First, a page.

Natural Alternatives to Blood Thinners

Blood clots are beneficial when it comes to closing external wounds. However, they can also be the trigger of life threatening medical diseases like stroke and heart attack when they block blood vessels that are connected to vital organs.

Blood thinners are prescribed to patients who have problems with clotting, atrial fibrillation, and heart defects. These drugs minimize the occurrence of blood clots internally. However, the most notable side effect when using blood thinners is an excessive bleeding even from the most trivial of wounds.

Fortunately there are many natural ways to reduce blood clotting and improve overall cardiovascular health. From oriental herbs to the most common beverage known to man, here are some natural alternatives to blood thinners:

IMPORTANT: Seek the advice of a cardiologist before choosing an alternative to avoid potential side effects, considering that blood clots are a very serious medical condition.

Do not substitute this for actual advice from an expert as many cases require treatment that CAN NOT be remedied with natural options.  These natural options may only be helpful in addition to treatments, again consult with a medical professional before self treating or self diagnosing. Ignoring this may result in serious harm or possibly death.

1. Alcohol

It is said that moderation is always a good thing, and the same can be said when it comes to drinking alcoholic substances. Alcohol is found to enhance the amount of good cholesterols in the heart, or high-density lipoprotein (HDL) cholesterol, and is also a mild blood thinner by reducing instances of cells clumping that lead to blockages in the veins. The saying “French paradox” states that the French have a low risk of heart disease despite having high-fat food as a major part of their diet, and their habit of regularly drinking red wine may be the reason why. Despite its alleged efficacy, drinking too much alcohol may actually put the body at risk.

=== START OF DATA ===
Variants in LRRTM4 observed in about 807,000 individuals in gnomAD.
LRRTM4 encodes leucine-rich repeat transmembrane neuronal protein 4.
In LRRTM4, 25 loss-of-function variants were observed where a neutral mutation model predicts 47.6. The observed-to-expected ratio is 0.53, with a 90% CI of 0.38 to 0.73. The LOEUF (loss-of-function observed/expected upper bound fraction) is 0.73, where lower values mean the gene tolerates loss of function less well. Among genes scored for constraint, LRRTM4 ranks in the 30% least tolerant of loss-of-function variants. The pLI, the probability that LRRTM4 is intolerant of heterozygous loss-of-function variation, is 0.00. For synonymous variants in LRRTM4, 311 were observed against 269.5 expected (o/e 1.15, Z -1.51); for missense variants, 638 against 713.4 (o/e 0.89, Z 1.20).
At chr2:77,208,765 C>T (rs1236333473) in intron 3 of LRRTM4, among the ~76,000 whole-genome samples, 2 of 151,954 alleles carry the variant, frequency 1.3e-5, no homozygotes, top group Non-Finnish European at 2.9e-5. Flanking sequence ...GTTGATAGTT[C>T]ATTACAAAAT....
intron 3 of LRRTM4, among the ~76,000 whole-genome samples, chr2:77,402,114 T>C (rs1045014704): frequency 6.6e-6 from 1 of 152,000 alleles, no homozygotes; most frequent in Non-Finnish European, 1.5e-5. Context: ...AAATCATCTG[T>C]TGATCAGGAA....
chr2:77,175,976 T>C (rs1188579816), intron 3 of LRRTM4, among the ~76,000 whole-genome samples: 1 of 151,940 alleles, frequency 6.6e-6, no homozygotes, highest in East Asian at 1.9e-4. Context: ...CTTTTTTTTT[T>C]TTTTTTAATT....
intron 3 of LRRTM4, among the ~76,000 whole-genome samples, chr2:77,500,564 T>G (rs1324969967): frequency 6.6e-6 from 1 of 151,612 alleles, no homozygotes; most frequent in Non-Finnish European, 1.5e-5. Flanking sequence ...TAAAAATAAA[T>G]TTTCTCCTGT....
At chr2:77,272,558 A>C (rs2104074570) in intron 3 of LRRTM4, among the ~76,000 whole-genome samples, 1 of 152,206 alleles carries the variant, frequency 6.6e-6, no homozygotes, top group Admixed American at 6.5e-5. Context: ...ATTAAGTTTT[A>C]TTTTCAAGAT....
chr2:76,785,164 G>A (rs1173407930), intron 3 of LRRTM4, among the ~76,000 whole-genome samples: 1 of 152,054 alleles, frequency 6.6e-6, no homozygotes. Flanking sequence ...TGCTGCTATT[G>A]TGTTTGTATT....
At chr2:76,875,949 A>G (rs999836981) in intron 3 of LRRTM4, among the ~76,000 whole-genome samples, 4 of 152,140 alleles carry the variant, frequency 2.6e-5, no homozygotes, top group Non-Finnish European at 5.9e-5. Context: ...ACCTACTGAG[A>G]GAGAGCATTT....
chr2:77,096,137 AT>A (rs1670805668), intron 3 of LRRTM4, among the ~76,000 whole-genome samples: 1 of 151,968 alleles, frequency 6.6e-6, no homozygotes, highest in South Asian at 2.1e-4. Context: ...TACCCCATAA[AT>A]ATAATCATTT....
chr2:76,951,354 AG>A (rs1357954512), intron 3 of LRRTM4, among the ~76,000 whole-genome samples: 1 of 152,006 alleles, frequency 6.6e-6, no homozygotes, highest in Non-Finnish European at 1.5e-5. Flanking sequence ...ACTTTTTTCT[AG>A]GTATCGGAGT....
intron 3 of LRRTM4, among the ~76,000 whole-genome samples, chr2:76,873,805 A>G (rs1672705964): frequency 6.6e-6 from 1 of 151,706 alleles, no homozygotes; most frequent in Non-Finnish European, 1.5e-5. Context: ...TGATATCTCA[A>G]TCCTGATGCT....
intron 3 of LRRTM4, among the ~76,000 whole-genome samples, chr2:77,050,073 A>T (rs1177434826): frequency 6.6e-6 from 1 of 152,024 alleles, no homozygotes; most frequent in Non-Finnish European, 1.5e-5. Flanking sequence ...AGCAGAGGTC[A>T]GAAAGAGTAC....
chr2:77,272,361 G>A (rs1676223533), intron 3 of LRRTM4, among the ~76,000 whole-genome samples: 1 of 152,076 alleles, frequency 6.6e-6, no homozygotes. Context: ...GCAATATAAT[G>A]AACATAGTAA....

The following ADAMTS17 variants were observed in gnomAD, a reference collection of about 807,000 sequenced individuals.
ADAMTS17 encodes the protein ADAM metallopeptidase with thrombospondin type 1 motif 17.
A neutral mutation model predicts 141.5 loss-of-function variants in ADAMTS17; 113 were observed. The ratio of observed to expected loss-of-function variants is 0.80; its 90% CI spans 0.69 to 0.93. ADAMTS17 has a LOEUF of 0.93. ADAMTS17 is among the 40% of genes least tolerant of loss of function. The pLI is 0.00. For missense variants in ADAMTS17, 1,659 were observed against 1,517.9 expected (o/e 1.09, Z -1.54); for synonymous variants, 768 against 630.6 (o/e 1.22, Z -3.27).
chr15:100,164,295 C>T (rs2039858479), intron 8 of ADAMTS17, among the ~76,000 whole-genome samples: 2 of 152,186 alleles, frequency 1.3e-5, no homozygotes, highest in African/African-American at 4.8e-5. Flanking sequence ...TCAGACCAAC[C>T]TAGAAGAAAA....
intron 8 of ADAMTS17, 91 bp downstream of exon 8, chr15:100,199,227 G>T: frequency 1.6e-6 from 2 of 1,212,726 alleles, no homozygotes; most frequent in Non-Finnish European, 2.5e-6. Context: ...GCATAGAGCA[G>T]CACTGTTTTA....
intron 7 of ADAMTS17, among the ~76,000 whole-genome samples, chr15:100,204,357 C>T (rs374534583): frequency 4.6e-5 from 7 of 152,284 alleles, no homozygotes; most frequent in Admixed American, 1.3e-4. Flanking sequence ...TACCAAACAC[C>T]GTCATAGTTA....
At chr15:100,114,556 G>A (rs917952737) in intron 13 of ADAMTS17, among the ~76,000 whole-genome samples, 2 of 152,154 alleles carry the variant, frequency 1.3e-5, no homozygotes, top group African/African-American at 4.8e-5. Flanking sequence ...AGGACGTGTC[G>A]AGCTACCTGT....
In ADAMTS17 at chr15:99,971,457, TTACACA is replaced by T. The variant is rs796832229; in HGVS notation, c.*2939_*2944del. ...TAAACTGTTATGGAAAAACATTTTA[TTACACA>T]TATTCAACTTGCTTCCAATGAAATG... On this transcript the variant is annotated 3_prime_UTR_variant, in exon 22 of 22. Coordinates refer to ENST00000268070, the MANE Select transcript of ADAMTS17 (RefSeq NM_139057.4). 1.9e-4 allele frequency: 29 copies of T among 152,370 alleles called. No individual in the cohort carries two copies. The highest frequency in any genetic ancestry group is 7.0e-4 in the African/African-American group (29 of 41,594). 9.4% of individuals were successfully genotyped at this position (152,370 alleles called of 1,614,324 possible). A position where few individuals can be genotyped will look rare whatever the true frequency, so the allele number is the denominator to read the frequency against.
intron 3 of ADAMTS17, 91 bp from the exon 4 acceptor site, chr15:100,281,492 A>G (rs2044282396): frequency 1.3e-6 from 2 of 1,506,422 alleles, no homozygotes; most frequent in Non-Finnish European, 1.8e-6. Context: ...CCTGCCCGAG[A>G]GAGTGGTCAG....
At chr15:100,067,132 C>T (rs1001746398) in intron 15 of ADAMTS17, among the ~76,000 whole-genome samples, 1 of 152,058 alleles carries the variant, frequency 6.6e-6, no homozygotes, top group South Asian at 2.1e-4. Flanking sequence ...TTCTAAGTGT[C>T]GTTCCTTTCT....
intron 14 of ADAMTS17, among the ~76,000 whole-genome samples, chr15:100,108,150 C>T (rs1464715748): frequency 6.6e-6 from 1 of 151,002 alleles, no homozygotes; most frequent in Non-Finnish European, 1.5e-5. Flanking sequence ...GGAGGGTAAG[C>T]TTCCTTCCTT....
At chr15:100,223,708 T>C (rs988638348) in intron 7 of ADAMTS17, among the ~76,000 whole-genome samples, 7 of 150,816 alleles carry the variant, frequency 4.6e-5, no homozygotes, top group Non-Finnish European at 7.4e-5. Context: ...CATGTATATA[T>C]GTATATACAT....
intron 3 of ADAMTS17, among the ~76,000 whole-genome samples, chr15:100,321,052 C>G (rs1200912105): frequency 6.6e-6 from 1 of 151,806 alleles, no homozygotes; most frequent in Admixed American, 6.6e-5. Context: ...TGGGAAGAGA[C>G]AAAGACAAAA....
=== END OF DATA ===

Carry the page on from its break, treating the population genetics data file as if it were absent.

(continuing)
2. Dong Quai

Dong Quai

Also known as the female ginseng, dong quai is an herb native to China’s high altitude regions and has earned a spot in their traditional medicine for its benefits. The herb is used for treating fatigue, inflammation, migraine, osteoarthritis, premenstrual syndrome, premature ejaculations, and many others. Dong quai contains the compound coumarin, a known anticoagulant that is also found in some drugs that act as blood thinners. Dried forms of the herb are found in capsules and tablets, and are sold in most oriental health stores. Some health care professionals administer dong quai via injections, which is not recommended to be performed alone at home.

3. Exercise

It is common knowledge that a lack of exercise is never good for one’s body, and those who remain stagnant for almost the whole day is at risk of many possible health conditions that may become life threatening in the long run. For those who are new to the world of exercise, a 30 minute walk on a daily basis is a good start, increasing the time spent every week afterwards. Going to the gym, swimming, running, and biking are among the most well-known exercise routines available. Try not to engage in more strenuous physical activities like freerunning, parkour, or hiking difficult mountains without proper conditioning and preparation, nor push the body too hard past its limits, as these habits may lead to more harm than good. When coupled with a healthy diet, exercise becomes more effective in keeping the body and all of its functions in top shape.

4. Garlic